USDOS – US Department of State (Author)
MALTA: Tier 2
The Government of Malta does not fully meet the minimum standards for the elimination of trafficking; however, it is making significant efforts to do so. The government demonstrated increasing efforts compared to the previous reporting period; therefore, Malta remained on Tier 2. The government demonstrated increasing efforts by identifying significantly more victims and providing all of them with shelter and services and funding training for police recruits and officers, border agents, and diplomats. However, the government did not meet the minimum standards, as it has not secured any trafficking convictions since 2012.
RECOMMENDATIONS FOR MALTA
Vigorously investigate and prosecute trafficking offenses and pursue adequate sentencing for convicted trafficking offenders; increase efforts and training of relevant staff and officials to proactively identify trafficking victims among vulnerable immigrant populations, particularly migrant workers, child trafficking victims, and women in prostitution; use anti-trafficking training for police officers, prosecutors, and judges to increase focus on working with victims and procedures for appropriate referral for care; increase funding to the inter-ministerial committee for implementing the national action plan; increase funding for both short- and long-term shelter and assistance adapted to the needs of trafficking victims, including male victims and minors; provide adequate availability of translators for victims; and increase awareness campaigns.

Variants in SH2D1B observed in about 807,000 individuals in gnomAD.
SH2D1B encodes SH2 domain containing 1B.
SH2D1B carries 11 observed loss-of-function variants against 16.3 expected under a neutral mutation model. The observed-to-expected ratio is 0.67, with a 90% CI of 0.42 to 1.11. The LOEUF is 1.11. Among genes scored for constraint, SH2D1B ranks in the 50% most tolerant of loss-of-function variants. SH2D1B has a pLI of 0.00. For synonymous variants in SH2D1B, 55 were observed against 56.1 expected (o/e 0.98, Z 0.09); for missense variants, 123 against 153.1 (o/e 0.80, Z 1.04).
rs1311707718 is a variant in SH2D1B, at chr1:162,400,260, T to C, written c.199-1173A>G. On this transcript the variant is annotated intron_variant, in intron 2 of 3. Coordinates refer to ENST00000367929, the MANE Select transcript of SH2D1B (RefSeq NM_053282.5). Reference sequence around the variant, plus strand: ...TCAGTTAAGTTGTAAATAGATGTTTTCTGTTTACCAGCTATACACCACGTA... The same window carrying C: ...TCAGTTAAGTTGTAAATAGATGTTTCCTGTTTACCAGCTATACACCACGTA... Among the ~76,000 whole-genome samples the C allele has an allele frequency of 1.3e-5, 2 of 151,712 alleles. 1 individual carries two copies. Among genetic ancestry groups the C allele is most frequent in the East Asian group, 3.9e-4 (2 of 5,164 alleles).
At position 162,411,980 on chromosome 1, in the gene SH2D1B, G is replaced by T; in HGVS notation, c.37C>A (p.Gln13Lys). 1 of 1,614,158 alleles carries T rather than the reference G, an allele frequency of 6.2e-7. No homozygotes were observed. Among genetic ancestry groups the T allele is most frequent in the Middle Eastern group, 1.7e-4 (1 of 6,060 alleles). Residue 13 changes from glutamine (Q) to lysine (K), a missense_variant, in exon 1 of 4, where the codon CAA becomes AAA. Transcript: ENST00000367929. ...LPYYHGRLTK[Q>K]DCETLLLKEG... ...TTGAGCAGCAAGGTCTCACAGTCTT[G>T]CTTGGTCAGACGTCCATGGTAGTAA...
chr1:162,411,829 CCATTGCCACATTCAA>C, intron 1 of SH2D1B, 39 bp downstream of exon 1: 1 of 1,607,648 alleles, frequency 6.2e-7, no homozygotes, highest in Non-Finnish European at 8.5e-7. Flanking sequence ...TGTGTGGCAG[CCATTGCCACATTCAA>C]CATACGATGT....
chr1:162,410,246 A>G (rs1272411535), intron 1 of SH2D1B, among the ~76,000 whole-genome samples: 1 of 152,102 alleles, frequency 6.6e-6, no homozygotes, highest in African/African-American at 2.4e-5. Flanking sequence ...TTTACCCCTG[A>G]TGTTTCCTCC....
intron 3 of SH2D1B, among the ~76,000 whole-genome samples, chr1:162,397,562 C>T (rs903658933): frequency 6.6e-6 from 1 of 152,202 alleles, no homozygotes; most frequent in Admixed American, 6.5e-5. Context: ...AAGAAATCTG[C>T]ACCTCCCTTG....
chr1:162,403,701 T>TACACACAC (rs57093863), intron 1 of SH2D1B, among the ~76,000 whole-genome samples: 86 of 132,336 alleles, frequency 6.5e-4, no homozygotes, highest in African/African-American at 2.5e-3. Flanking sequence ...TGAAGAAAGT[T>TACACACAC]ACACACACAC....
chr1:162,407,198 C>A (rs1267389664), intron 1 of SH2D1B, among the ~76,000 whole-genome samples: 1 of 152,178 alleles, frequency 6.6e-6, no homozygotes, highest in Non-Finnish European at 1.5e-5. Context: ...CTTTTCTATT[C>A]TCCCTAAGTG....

The government maintained law enforcement efforts. Article 248A-G of the criminal code prohibits both sex and labor trafficking and prescribes penalties of four to 12 years imprisonment. These penalties are sufficiently stringent and commensurate with those prescribed for other serious crimes, such as rape. The government has not obtained a conviction since early 2012. The government conducted three investigations and initiated prosecution of four defendants in one case, which remained pending at the close of the reporting period. These efforts were on par with the previous reporting period when the government initiated investigation of two cases and prosecution of two defendants. Three labor trafficking prosecutions initiated in 2014 remained pending at the close of the reporting period. Both the appeal of a 2012 conviction of a police officer for alleged collusion with a trafficker, and the prosecution of a 2004 case involving a police official, remained pending. There were no new investigations or prosecutions of government employees complicit in human trafficking offenses.